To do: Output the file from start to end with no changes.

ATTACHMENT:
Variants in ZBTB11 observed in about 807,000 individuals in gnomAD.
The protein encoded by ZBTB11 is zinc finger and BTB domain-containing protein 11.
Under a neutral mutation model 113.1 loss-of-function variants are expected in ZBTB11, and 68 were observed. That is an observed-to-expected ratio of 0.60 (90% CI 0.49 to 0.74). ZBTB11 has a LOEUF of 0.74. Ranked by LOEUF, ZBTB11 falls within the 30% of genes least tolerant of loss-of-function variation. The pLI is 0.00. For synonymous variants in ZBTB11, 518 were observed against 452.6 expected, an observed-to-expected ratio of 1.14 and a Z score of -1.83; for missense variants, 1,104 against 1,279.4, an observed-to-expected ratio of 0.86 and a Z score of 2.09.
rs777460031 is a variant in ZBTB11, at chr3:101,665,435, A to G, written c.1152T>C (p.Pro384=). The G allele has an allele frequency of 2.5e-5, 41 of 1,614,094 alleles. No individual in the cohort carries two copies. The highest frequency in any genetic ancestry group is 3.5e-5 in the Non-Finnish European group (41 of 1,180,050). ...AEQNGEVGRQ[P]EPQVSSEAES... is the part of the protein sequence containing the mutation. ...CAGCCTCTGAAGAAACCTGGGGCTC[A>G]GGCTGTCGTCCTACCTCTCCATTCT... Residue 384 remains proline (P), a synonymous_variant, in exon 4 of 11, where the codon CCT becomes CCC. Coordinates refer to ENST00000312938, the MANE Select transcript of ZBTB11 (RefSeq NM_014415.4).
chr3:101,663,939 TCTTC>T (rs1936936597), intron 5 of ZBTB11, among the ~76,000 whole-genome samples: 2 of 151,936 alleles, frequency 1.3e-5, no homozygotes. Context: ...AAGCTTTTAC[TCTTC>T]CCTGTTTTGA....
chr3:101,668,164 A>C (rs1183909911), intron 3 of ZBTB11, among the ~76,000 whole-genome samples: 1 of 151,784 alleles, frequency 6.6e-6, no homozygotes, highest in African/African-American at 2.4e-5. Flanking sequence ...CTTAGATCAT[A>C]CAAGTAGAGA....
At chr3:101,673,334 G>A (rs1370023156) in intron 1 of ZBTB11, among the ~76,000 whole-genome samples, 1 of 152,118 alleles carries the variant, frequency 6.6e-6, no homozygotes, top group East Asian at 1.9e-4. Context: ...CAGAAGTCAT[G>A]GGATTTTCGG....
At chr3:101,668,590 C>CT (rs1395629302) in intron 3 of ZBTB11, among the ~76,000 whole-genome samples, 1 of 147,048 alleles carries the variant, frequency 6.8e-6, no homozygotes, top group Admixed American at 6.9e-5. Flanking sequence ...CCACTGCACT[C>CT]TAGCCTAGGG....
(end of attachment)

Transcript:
Variants in ZBTB11 observed in about 807,000 individuals in gnomAD.
The protein encoded by ZBTB11 is zinc finger and BTB domain-containing protein 11.
Under a neutral mutation model 113.1 loss-of-function variants are expected in ZBTB11, and 68 were observed. That is an observed-to-expected ratio of 0.60 (90% CI 0.49 to 0.74). ZBTB11 has a LOEUF of 0.74. Ranked by LOEUF, ZBTB11 falls within the 30% of genes least tolerant of loss-of-function variation. The pLI is 0.00. For synonymous variants in ZBTB11, 518 were observed against 452.6 expected, an observed-to-expected ratio of 1.14 and a Z score of -1.83; for missense variants, 1,104 against 1,279.4, an observed-to-expected ratio of 0.86 and a Z score of 2.09.
rs777460031 is a variant in ZBTB11, at chr3:101,665,435, A to G, written c.1152T>C (p.Pro384=). The G allele has an allele frequency of 2.5e-5, 41 of 1,614,094 alleles. No individual in the cohort carries two copies. The highest frequency in any genetic ancestry group is 3.5e-5 in the Non-Finnish European group (41 of 1,180,050). ...AEQNGEVGRQ[P]EPQVSSEAES... is the part of the protein sequence containing the mutation. ...CAGCCTCTGAAGAAACCTGGGGCTC[A>G]GGCTGTCGTCCTACCTCTCCATTCT... Residue 384 remains proline (P), a synonymous_variant, in exon 4 of 11, where the codon CCT becomes CCC. Coordinates refer to ENST00000312938, the MANE Select transcript of ZBTB11 (RefSeq NM_014415.4).
chr3:101,663,939 TCTTC>T (rs1936936597), intron 5 of ZBTB11, among the ~76,000 whole-genome samples: 2 of 151,936 alleles, frequency 1.3e-5, no homozygotes. Context: ...AAGCTTTTAC[TCTTC>T]CCTGTTTTGA....
chr3:101,668,164 A>C (rs1183909911), intron 3 of ZBTB11, among the ~76,000 whole-genome samples: 1 of 151,784 alleles, frequency 6.6e-6, no homozygotes, highest in African/African-American at 2.4e-5. Flanking sequence ...CTTAGATCAT[A>C]CAAGTAGAGA....
At chr3:101,673,334 G>A (rs1370023156) in intron 1 of ZBTB11, among the ~76,000 whole-genome samples, 1 of 152,118 alleles carries the variant, frequency 6.6e-6, no homozygotes, top group East Asian at 1.9e-4. Context: ...CAGAAGTCAT[G>A]GGATTTTCGG....
At chr3:101,668,590 C>CT (rs1395629302) in intron 3 of ZBTB11, among the ~76,000 whole-genome samples, 1 of 147,048 alleles carries the variant, frequency 6.8e-6, no homozygotes, top group Admixed American at 6.9e-5. Flanking sequence ...CCACTGCACT[C>CT]TAGCCTAGGG....